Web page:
MMP-9 (pg/ml)
TIMP-1 (ng/ml)
TIMP-2 (ng/ml)

The results are expressed as (min.-max.). marks a significant reduction of MMP/TIMP concentration in comparison to .

4. Discussion

To our knowledge, this is the first study to show that the misbalance of elastinolytic activity of the extracellular matrix in equine asthma might be positively influenced by CpG-ODN inhalation for at least 6 weeks posttherapy. If this is actually the case, the remodeling of the extracellular matrix and fibrosis formation might be reduced in this common disease. In human asthma, the degree of MMP activity can be linked to the intensity of the inflammatory processes in the airways. The MMP/TIMP balance or rather disbalance is widely accepted to have a role in the pathogenesis of airflow limitation and reflect the extent of structural changes in the lung [20, 25, 26].

In severe equine asthma, increased MMP-2 and MMP-9 levels were shown using gelatin zymography [9]. Particularly, MMP-9 levels were clearly upregulated in different stages of equine asthma [13]. Both MMP-2 and MMP-9 showed a correlation to stable dust concentrations [2729]. MMP-9 levels decreased with BALF neutrophilia under budesonide, an inhalative glucocorticoid [22]. This was not the case for MMP-2, which seems to be more of a housekeeping enzyme [10]. Other authors also showed increased activities of elastinolytic MMP-9 and MMP-13 as well as collagenolytic MMP-8 in equine asthma [11, 12].

Tissue inhibitors of metalloproteinases (TIMPs) are natural antagonists of MMPs [30, 31]. In human COPD, MMP-9 and TIMP-1 concentrations in BALF increased, which was not the case in plasma [32]. TIMP-1 and TIMP-2 concentrations as well as MMP-TIMP ratios have also been studied in equine asthma [13] showing increased levels of TIMPs in mild-to-moderate as well as severe equine asthma compared to controls and normalization of MMP-TIMP ratios under budesonide therapy [22].

In unison with former studies, MMP-2/-9 and TIMP-1/-2 levels increased with severity of equine asthma and all MMPs/TIMP concentrations decreased with clinical score parameters within 2-6 weeks after CPG-ODN inhalation. Interestingly, this effect was not yet found at (2 weeks postinhalation), but at (6 weeks post inhalation) for MMP-9 and TIMP-1, which are probably the most important enzymes in natural disease. This shows that CpG-ODN does not only have a long-term effect, but that therapy of extracellular remodeling may even require longer terms of treatment. This theory should be substantiated by longitudinal studies including lung tissue biopsies to look at fibrosis formation in long-term disease. A possible long-term effect should be further evaluated and tried to be extended, possibly by increasing the numbers of inhalations, increasing the time-span of inhalation intervals or repetition of inhalation therapy after some weeks or even months. Remodeling of the ECM and fibrosis formation is a very slow process in human and equine asthma; therefore, models of long-term therapy should be developed.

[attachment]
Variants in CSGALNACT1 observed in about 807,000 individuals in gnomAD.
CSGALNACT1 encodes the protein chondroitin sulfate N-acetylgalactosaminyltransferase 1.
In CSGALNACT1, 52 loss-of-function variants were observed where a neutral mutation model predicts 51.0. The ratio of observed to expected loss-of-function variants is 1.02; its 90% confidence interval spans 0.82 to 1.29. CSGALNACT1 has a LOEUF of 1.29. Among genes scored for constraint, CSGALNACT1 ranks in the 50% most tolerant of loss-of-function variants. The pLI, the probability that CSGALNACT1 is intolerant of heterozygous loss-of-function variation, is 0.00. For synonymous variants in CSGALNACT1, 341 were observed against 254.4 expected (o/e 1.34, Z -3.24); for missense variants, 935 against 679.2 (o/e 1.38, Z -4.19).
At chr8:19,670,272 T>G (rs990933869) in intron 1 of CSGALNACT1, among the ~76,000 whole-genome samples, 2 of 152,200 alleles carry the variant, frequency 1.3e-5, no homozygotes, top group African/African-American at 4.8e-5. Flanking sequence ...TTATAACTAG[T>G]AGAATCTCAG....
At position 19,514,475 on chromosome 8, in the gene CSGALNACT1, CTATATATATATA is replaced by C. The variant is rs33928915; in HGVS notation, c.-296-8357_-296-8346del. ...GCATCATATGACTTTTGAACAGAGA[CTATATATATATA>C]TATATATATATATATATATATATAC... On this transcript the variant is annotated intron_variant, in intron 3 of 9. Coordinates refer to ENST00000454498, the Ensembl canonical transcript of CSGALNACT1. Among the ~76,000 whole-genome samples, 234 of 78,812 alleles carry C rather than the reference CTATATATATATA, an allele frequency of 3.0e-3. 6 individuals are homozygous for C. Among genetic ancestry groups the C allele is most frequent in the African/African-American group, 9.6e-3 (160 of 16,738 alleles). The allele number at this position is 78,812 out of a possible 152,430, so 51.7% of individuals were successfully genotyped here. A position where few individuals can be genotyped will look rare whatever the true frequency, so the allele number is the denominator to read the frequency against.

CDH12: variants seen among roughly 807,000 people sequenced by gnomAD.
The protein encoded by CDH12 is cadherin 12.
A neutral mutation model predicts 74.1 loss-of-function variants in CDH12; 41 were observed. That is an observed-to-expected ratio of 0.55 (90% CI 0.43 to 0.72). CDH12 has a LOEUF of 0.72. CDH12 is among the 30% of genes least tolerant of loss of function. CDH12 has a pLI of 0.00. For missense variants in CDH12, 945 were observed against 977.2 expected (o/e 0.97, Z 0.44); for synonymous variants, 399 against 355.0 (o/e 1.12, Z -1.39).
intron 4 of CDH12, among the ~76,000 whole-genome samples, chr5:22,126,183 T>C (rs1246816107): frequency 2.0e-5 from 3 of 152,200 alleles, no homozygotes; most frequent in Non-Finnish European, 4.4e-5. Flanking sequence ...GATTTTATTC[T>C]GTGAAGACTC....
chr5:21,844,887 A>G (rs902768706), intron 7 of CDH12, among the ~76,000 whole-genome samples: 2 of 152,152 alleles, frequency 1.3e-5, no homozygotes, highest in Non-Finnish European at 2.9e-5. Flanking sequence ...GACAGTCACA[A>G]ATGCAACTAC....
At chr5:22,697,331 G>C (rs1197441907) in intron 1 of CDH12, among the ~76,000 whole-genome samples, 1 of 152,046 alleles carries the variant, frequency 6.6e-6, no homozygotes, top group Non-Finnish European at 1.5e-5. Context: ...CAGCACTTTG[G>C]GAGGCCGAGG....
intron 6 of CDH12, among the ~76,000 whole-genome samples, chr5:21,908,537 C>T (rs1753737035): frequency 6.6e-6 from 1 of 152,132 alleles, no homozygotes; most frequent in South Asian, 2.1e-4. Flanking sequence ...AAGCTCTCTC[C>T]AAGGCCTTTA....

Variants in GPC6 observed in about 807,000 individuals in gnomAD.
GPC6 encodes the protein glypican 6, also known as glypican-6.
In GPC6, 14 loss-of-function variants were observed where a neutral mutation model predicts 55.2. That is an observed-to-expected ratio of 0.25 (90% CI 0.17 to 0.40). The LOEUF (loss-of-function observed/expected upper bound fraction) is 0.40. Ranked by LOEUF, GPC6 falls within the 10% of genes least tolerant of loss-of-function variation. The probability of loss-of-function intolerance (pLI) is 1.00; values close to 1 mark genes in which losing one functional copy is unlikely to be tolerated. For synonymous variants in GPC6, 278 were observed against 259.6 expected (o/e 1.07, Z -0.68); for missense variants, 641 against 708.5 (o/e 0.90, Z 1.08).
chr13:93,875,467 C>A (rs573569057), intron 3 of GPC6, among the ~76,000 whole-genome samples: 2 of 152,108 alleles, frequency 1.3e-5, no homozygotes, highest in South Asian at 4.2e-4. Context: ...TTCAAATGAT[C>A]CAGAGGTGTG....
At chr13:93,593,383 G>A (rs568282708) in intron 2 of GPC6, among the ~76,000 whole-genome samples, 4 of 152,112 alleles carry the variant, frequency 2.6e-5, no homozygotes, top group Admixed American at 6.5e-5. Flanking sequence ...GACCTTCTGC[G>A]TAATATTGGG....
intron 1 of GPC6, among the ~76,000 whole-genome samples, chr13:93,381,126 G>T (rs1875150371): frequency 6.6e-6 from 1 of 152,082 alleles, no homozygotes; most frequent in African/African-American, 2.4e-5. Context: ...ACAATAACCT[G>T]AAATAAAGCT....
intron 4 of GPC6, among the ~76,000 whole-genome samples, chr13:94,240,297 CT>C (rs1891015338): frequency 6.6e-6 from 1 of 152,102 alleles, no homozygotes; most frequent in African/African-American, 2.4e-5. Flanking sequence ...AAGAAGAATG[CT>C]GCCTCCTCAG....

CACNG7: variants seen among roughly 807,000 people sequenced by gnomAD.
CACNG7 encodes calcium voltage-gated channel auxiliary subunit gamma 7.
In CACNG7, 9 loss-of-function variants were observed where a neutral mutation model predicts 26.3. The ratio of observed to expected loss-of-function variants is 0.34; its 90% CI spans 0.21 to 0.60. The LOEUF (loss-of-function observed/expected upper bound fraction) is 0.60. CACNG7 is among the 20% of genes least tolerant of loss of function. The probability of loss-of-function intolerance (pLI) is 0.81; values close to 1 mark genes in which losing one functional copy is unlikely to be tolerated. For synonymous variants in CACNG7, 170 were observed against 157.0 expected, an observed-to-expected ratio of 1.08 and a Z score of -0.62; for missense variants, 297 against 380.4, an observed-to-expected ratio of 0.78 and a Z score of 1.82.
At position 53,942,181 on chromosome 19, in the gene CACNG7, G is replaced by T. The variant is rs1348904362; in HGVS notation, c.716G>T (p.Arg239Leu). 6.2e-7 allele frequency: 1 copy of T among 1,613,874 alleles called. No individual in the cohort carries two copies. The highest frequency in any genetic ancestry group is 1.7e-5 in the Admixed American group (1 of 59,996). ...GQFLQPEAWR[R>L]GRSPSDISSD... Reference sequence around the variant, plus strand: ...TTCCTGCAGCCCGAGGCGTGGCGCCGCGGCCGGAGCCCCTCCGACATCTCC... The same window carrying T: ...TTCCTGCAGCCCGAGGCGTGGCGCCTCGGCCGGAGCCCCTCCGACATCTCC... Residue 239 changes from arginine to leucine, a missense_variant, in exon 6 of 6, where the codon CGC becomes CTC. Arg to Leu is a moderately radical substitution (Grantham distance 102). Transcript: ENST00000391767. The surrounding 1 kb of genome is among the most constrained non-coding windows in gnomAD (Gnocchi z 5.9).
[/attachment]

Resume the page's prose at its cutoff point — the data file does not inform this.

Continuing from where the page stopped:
The observed positive effect of CpG-ODN inhalation therapy on clinical parameters and cytology of respiratory secretions has been confirmed in several in vitro and in vivo studies for equine asthma and could be shown to last at least 6 weeks [25, 33]. All clinical studies were field studies; therefore, the combined effect of CpG inhalation and a low-dust environment remains to be studied. It is well known that clinical parameters, cytology, and lung function after common pharmacological therapy in equine asthma including systemic or inhalative glucocorticoid therapy, secretolytics, and bronchodilators improve much better under adjacent measures to reduce the allergen and dust-particle load in the environment [1, 14, 23]. In this study, horses were kept in their home stables in different environments and no environmental changes were implemented throughout the study. All included subjects had clinical and cytological evidence of airway obstruction and inflammation, showing they were not in disease remission. On the other hand, this allows for a better evaluation under natural conditions of the effect of CpG-ODNs on the elastinolytic activity, as implementation of a low-dust environment may have also led to decreasing inflammation and MMP/TIMP concentrations in tracheal aspirates. Nevertheless, further studies should include a control group inhaling placebo to study the effect of seasonal changes on elastinolytic activity. Although reference values of MMP and TIMP concentrations have only been described in BALF in healthy controls [13], we assume that MMP and TIMP levels in tracheal wash samples were elevated, as former studies have shown a strong correlation between their concentrations in BALF and clinical and cytological parameters. Nevertheless, the authors suggest that further prospective studies should rather use BALF, as proposed by current literature for the diagnoses of all stages of equine asthma and used in prior studies on MMP/TIMP misbalance.